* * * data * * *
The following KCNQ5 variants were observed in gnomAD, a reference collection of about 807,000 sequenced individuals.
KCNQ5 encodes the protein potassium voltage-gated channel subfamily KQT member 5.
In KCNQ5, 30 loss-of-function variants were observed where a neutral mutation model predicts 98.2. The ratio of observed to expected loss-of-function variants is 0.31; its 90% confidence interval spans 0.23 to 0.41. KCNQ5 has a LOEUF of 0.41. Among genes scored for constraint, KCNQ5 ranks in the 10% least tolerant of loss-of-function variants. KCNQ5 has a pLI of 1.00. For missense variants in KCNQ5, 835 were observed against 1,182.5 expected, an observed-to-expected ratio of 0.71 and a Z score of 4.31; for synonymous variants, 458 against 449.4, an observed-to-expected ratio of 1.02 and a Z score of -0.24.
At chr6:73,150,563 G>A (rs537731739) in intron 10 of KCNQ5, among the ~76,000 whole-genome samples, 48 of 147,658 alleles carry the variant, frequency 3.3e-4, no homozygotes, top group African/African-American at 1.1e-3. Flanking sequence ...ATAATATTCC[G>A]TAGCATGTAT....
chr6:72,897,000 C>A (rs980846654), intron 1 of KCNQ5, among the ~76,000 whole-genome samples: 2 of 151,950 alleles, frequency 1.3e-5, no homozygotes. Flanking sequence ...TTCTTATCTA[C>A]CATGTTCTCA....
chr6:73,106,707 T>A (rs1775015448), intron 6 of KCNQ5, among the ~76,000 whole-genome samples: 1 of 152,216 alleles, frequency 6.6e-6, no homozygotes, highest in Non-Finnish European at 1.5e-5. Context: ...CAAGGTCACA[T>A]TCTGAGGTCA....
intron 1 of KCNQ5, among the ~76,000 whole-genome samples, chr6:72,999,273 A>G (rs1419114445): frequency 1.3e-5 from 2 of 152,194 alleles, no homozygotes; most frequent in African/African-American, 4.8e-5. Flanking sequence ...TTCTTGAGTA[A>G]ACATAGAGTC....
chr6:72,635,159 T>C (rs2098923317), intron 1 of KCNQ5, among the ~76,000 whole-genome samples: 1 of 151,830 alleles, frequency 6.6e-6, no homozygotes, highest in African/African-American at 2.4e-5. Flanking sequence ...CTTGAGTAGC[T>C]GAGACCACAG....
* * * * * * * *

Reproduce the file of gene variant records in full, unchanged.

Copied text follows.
The following KCNQ5 variants were observed in gnomAD, a reference collection of about 807,000 sequenced individuals.
KCNQ5 encodes the protein potassium voltage-gated channel subfamily KQT member 5.
In KCNQ5, 30 loss-of-function variants were observed where a neutral mutation model predicts 98.2. The ratio of observed to expected loss-of-function variants is 0.31; its 90% confidence interval spans 0.23 to 0.41. KCNQ5 has a LOEUF of 0.41. Among genes scored for constraint, KCNQ5 ranks in the 10% least tolerant of loss-of-function variants. KCNQ5 has a pLI of 1.00. For missense variants in KCNQ5, 835 were observed against 1,182.5 expected, an observed-to-expected ratio of 0.71 and a Z score of 4.31; for synonymous variants, 458 against 449.4, an observed-to-expected ratio of 1.02 and a Z score of -0.24.
At chr6:73,150,563 G>A (rs537731739) in intron 10 of KCNQ5, among the ~76,000 whole-genome samples, 48 of 147,658 alleles carry the variant, frequency 3.3e-4, no homozygotes, top group African/African-American at 1.1e-3. Flanking sequence ...ATAATATTCC[G>A]TAGCATGTAT....
chr6:72,897,000 C>A (rs980846654), intron 1 of KCNQ5, among the ~76,000 whole-genome samples: 2 of 151,950 alleles, frequency 1.3e-5, no homozygotes. Flanking sequence ...TTCTTATCTA[C>A]CATGTTCTCA....
chr6:73,106,707 T>A (rs1775015448), intron 6 of KCNQ5, among the ~76,000 whole-genome samples: 1 of 152,216 alleles, frequency 6.6e-6, no homozygotes, highest in Non-Finnish European at 1.5e-5. Context: ...CAAGGTCACA[T>A]TCTGAGGTCA....
intron 1 of KCNQ5, among the ~76,000 whole-genome samples, chr6:72,999,273 A>G (rs1419114445): frequency 1.3e-5 from 2 of 152,194 alleles, no homozygotes; most frequent in African/African-American, 4.8e-5. Flanking sequence ...TTCTTGAGTA[A>G]ACATAGAGTC....
chr6:72,635,159 T>C (rs2098923317), intron 1 of KCNQ5, among the ~76,000 whole-genome samples: 1 of 151,830 alleles, frequency 6.6e-6, no homozygotes, highest in African/African-American at 2.4e-5. Flanking sequence ...CTTGAGTAGC[T>C]GAGACCACAG....